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Talking and Learning about Our Own Communities in Mexico

By Natalia Sánchez González

Since 2017, Pautas para Pensar en Mi Lengua (Guidelines for Thinking in My Language) has sought to help students in Indigenous communities in Chiapas and the Yucatán, Mexico, become more curious about their environment and communities. Through this program, children and youth are encouraged to think and imagine to learn and discover from in their own Indigenous languages, recognizing the existing knowledge in their communities. The learning objectives of the project are conducted in the main Indigenous languages spoken in Chiapas: Tseltal, Tsotsil, Ch'ol, Zoque, and Tojolabal, and Yucatan Maya. 

Although we were working with a methodology based on Learning Experiences, the COVID-19 pandemic forced us to learn how to operate virtually. Without giving up our objectives, we created an educational alternative for teacher training through a hybrid model of in-person and virtual education. In a matter of months, we devised a way to provide children and youth from Indigenous communities with opportunities to learn and think in their own language. This is how the educational radio series, "Descubro y aprendo" (I Discover and Learn); "Aprendo de los Frutos" (I Learn from the Fruits);  "¿Qué nos dicen?" (What Are They Telling Us?); and "De aquí soy" (I Am from Here), which are currently in production, came about. Each of them tells stories of adventures had by characters such as a squirrel, snail, and a tree in Tseltal, Tsotsil, Ch'ol, Tojol-Ab'al, Zoque, Mayan, and Spanish. Linked to these stories, we develop activities that provide a space to think about and understand the phenomena of nature in the students’ native languages to develop their linguistic skills.


The radio and distance education scenario made it clear the need to create training to strengthen our Indigenous languages while producing culturally relevant radio content. Linking radio with education and sharing experiences with other Mexican radio stations enables us to raise awareness of our diverse cultures and strengthen our commitment to revitalizing our languages.

Thanks to the financial support of Cultural Survival through the Indigenous Community Media Fund, we organized the training workshop, "Radio with Children: A Tool for the Advancement of Indigenous Peoples," which aimed to help participants experience the intercultural strategies developed by the Cusco, Peru-based project, Radio with Andean Girls and Boys of the Pukllasunchis Association, in South Andean public schools. The workshop was held March 10-12, 2022 in San Cristóbal de las Casas, Chiapas, and was attended by representatives of Radio Yúuyum (Yucatán), Tseltal Bachajón Comunicación, Ach' Lequil C'op, and the team of the Guidelines for Thinking in My Language Project (Nenemi Paxia A.C.), that means “walking towards peace”.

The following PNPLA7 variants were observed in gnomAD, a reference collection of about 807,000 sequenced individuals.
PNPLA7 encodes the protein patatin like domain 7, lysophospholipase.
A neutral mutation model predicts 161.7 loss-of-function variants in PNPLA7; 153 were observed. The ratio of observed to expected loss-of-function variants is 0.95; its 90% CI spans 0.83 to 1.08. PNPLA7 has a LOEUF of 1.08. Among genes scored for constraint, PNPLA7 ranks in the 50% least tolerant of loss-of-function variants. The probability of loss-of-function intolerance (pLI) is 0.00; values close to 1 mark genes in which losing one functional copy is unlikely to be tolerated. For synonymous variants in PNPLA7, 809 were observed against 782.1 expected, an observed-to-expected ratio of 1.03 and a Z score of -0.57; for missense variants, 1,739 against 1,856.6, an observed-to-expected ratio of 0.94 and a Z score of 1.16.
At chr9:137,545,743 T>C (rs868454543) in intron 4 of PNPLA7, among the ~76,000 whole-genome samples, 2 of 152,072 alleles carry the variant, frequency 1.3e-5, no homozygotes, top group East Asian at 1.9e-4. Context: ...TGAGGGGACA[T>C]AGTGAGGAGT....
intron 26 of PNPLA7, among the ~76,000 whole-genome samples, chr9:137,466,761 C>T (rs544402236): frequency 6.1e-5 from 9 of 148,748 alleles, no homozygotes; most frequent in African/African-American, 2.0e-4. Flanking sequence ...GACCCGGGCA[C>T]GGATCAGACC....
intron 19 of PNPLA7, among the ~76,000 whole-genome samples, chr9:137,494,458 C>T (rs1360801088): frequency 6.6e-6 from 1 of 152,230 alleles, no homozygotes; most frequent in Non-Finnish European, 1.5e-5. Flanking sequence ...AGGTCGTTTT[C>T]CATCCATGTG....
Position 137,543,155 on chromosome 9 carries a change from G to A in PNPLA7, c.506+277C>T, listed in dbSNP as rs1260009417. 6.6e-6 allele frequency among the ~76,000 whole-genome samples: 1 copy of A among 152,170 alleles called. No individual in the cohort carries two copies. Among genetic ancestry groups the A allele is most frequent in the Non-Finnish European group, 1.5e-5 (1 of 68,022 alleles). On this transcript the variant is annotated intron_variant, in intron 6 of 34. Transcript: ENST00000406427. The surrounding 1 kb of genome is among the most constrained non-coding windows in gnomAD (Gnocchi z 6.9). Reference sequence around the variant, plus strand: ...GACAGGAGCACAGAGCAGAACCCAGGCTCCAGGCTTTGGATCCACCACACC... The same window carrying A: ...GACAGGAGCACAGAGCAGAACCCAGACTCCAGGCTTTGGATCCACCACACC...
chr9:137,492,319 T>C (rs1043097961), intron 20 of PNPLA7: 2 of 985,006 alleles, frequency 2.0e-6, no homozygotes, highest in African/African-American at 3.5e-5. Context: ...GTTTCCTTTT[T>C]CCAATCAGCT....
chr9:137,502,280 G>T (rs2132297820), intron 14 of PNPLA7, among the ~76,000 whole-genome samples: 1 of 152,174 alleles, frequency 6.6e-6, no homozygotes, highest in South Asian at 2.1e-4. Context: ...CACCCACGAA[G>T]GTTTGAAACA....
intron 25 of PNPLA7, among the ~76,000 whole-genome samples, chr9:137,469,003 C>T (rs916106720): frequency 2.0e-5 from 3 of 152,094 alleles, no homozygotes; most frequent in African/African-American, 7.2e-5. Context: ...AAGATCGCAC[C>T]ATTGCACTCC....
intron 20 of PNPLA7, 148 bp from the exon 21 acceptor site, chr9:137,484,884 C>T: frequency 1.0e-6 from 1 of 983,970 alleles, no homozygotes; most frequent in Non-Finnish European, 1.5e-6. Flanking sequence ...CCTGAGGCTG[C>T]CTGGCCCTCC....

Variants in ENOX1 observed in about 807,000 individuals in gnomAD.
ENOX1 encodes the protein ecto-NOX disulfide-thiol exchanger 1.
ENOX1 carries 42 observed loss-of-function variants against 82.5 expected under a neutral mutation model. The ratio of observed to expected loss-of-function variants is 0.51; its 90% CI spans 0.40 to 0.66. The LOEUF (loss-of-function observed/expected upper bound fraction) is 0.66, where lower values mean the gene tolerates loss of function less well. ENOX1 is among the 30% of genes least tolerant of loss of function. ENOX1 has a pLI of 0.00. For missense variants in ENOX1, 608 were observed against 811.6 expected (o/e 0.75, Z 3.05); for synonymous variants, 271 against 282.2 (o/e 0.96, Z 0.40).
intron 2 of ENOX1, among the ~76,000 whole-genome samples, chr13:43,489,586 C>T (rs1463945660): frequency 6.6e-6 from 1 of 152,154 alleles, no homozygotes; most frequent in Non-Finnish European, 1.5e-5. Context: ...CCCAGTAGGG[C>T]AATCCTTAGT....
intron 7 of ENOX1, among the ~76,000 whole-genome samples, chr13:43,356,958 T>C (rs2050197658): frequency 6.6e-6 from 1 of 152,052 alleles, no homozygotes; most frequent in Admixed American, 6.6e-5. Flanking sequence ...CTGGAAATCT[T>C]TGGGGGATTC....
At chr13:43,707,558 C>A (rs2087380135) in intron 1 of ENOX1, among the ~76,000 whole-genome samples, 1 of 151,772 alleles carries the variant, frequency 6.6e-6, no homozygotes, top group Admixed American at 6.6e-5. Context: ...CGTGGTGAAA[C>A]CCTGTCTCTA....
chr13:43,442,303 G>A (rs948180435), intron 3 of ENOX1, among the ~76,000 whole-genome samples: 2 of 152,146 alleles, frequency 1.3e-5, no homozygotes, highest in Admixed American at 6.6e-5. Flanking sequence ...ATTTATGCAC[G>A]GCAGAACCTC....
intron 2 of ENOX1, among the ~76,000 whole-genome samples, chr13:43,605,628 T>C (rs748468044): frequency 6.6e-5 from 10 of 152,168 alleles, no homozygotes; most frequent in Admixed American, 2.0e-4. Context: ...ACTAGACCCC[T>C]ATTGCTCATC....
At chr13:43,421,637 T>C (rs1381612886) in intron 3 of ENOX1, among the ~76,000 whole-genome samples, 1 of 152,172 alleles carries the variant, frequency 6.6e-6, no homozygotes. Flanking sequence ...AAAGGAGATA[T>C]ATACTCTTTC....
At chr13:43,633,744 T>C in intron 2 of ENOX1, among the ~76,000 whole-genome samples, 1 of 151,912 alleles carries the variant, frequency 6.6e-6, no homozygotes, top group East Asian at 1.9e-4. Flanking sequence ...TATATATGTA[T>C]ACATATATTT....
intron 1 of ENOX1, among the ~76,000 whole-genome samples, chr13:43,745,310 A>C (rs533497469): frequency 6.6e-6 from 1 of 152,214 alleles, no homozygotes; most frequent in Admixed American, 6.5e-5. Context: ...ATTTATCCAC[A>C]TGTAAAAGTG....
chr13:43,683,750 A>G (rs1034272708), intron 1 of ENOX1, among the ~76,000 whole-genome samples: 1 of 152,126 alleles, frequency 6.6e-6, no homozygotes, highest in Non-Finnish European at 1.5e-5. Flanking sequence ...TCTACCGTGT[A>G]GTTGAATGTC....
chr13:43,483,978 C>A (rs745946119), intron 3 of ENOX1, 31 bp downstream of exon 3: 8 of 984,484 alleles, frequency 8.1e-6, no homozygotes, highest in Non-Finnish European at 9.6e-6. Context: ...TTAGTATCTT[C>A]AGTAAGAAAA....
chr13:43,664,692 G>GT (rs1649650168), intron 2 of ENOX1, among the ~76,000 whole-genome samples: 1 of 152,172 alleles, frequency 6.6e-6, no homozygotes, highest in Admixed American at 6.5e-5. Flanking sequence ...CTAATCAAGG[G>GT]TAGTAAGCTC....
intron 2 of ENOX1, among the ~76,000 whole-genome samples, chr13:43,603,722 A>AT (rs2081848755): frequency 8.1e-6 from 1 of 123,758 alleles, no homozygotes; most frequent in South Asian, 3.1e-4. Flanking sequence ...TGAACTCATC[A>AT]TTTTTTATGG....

The activities developed for the workshop identified the central aspects of an intercultural educational approach that uses radio in the school curriculum to promote cultural heritage, languages, and traditional knowledge in the communities, as well as to identify intercultural educational strategies that could be incorporated into the territorial areas of the participants. 


The workshop highlighted the importance of Indigenous communities producing radio programs to talk about what is their own; about how they live, in their own languages, and from the point of view of what interests them, to generate knowledge and dialogue and elevate local and land-based narratives so communities feel represented and seen. Participants imagined how they could strengthen their radio experiences.



The following are a few of the reflections participants shared via written or recorded testimonials at the end of the workshop:

“It is not about bringing something that we consider important, but about students, children, and the community sharing their knowledge, their wisdom, their way of life. Children are protagonists from their territory when they are given the freedom of how they want to share what they do.” --Antonio J.
“Changing the perspective of certain things completely opens the world; at the same time, this allows things that seemed to be established to be redefined under the voice and eyes of the people, and I believe that this is extremely valuable. Working with, by, and through the children leaves open the possibility of changing the world one step at a time, where the people make themselves present.” --Sasil S.